Tuesday, November 20, 2012
Call for Symposium Papers
Gender Matters: Women, Social Policy and the 2012 Election
April 2, 2013 at American University Washington College of Law, Washington, DC
The American University Journal of Gender, Social Policy & the Law and Women and the Law Program invite papers for a symposium on gender, social policy and the election of 2012. The organizers welcome papers that explore how current or proposed social polices affect the lives of women and their families, and/or that analyze what role, if any, rhetoric about those polices may have played in the recent election. Abstracts from professors or practitioners (sorry, no student pieces) addressing gender and health care, labor and employment, taxation, fiscal policy and social welfare or other relevant social policy are due by midnight January 7, 2013. Papers selected will be presented at a symposium on April 2, 2013 at American University Washington College of Law, and strongly considered for publication. To read the full Call for Papers and to submit an abstract online, please visit the symposium website. Please contact the organizers at email@example.com with any questions.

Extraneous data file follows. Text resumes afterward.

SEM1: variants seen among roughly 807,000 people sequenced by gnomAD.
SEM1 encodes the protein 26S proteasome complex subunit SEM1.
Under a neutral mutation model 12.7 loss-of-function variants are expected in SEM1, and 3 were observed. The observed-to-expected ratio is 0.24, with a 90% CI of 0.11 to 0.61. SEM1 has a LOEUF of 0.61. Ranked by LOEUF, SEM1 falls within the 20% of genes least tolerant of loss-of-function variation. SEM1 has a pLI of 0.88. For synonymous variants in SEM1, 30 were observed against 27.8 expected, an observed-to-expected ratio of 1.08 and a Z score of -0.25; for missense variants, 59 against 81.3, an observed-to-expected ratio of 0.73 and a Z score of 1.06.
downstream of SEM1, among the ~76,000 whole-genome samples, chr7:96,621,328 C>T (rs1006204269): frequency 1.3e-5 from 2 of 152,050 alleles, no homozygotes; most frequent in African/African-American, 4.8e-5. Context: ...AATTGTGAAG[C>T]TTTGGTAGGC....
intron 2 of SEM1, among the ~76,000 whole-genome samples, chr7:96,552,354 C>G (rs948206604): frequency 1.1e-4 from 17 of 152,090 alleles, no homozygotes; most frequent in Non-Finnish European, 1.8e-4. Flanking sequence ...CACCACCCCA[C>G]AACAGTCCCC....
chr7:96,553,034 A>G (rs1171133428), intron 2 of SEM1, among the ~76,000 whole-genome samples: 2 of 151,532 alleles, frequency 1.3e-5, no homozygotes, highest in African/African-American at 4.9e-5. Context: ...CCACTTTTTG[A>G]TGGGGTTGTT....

The New York Times: Ruling Soon on Isolation of Inmates With H.I.V., by Robbie Brown:
ATLANTA — In his first week in prison in Alabama, Albert Knox, a former pimp convicted of cocaine possession, tested positive for H.I.V.
Afterward, he says, guards called out “dead man walking” as he passed through the halls. He was banned from eating in the cafeteria, working around food or visiting with classmates in his substance-abuse program. . . .
ThinkProgress: Ohio's War on Women: State Lawmakers Stall Comprehensive Sex Ed Bill to Focus on Anti-Choice Legislation, by Tara Culp-Ressler:
Despite the fact that voters across the country rejected radical anti-choice legislation in this month’s election, Ohio lawmakers have been busy reviving the War on Women during their lame duck session. Ohio’s Health And Aging Committee voted to strip funding from Planned Parenthood last week, Republican lawmakers introduced a misleading “sex-selective” abortion ban at the same committee meeting, and Ohio’s Senate may soon consider an extreme “heartbeat” bill that represents the most restrictive anti-choice legislation in the nation. . . .